T cells can undergo LIP that requires both cytokine and TCR signals 24, 25. LIP was assessed using CFSE dye dilution and alternatively with bromodeoxyuridine (BrdU) incorporation in conjuction with YFP expression. T cells isolated from SLP-76cHET and SLP-76cKO mice lacking the YFP reporter were labeled with CFSE and adoptively transferred into RAG2-deficient mice expressing the CD45SJL congenic marker. One week later, lymph node CD45B6 donor cells gated on CD4 or CD8 were assessed for LIP (Fig. 3D). A majority of both CD4+ and CD8+ T cells from SLP-76cHET donors underwent one or more rounds of division. In contrast, a majority of CD4 and CD8 cells derived from SLP-76cKO donors fail to undergo cell division as measured by CFSE dilution. A small percentage of SLP-76cKO-derived CD4+ T cells underwent one round of division and CD8+ cells underwent more than one division. This may be due to a small number of SLP-76-deficient cells proliferating in response to lymphopenia or the non-deleted cells. To differentiate these possiblilites, additional adoptive transfers were done using cells containing the YFP reporter RAG2−/− recipients and BRDU was administered during the final two days of potential LIP. YFP+ T cells originating from SLP-76cKO mice failed to incorporate BRDU (Fig. 3E) and represented a small percentage of cells found in the secondary lympoid organs of recipient mice (data not shown). Recipients of SLP-76cHET T cells had greater numbers of donor-derived cells that had efficiently incorporated BRDU (Fig. 3E). Taken together, these data strongly argue that SLP-76 expression is a cell-intrinsic requirement for LIP.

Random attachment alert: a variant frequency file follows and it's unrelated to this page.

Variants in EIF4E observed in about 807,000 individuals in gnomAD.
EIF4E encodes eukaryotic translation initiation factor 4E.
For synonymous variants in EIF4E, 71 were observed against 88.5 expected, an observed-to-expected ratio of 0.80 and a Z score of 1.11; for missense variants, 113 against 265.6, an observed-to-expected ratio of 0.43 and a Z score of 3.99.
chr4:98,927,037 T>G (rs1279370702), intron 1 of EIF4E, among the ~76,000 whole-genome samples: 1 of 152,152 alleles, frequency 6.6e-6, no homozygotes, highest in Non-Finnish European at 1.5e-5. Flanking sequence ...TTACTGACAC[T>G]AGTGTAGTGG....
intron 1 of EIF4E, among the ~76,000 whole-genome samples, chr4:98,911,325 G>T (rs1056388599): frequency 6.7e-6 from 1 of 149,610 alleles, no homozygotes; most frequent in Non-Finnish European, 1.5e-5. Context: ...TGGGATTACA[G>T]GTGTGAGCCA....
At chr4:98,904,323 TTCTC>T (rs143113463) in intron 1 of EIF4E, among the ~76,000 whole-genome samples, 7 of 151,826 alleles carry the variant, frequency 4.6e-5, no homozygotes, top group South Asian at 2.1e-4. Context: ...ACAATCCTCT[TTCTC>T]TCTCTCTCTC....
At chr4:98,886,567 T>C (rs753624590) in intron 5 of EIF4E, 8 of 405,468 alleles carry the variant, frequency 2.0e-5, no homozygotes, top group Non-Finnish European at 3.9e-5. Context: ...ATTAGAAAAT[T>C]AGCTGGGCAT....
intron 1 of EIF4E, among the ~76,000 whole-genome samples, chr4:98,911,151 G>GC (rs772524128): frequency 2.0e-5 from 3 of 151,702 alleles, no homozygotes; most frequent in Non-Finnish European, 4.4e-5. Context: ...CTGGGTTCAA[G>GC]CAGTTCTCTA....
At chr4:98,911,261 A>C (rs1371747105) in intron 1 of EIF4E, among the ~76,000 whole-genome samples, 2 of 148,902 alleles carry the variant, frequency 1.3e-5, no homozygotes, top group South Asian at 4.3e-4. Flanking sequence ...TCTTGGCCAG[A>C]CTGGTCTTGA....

SLP-76 is required for induction of EAE

To determine the extent to which SLP-76 contributes to a functional immune response in vivo, we examined the effect of SLP-76 absence during active EAE. All mice, both SLP-76cKO and control (which included SLP-76cHET, C57BL/6 and (C57BL/6×129)F1), received tam. Following tam treatment, mice were immunized with myelin oligodendrocyte glycoprotein (MOG) 35–55 emulsified in complete Freund's adjuvant (CFA) according to the standard protocol 26 and observed for evidence of clinical disease. None of the SLP-76cKO mice immunized with MOG peptide showed evidence of disease, while 83% of the control mice developed hind-limb weakness (Fig. 4A and Table 1). Onset of clinical disease in control mice was characteristic of MOG35–55-induced EAE in C57BL/6 and B6.129 mice 27 (Fig. 4A). Histological examination of brain and spinal cords from WT mice revealed inflammatory infiltration and demyelination, while minimal inflammation of CNS tissue was observed in SLP-76cKO mice (data not shown). CD4+ T cells isolated from the CNS tissue of control mice expressed high levels of CD44, consistent with previous activation (Fig. 4B). Conversely, the few CD4+ cells found within the CNS of SLP-76cKO mice had lower levels of CD44, indicative of limited prior activation. Thus, mice with conditional deletion of SLP-76 lack both lymphocytic CNS infiltrates as well as clinical signs of EAE, suggesting a central role for SLP-76 in the initiation of autoimmune pathology and disease.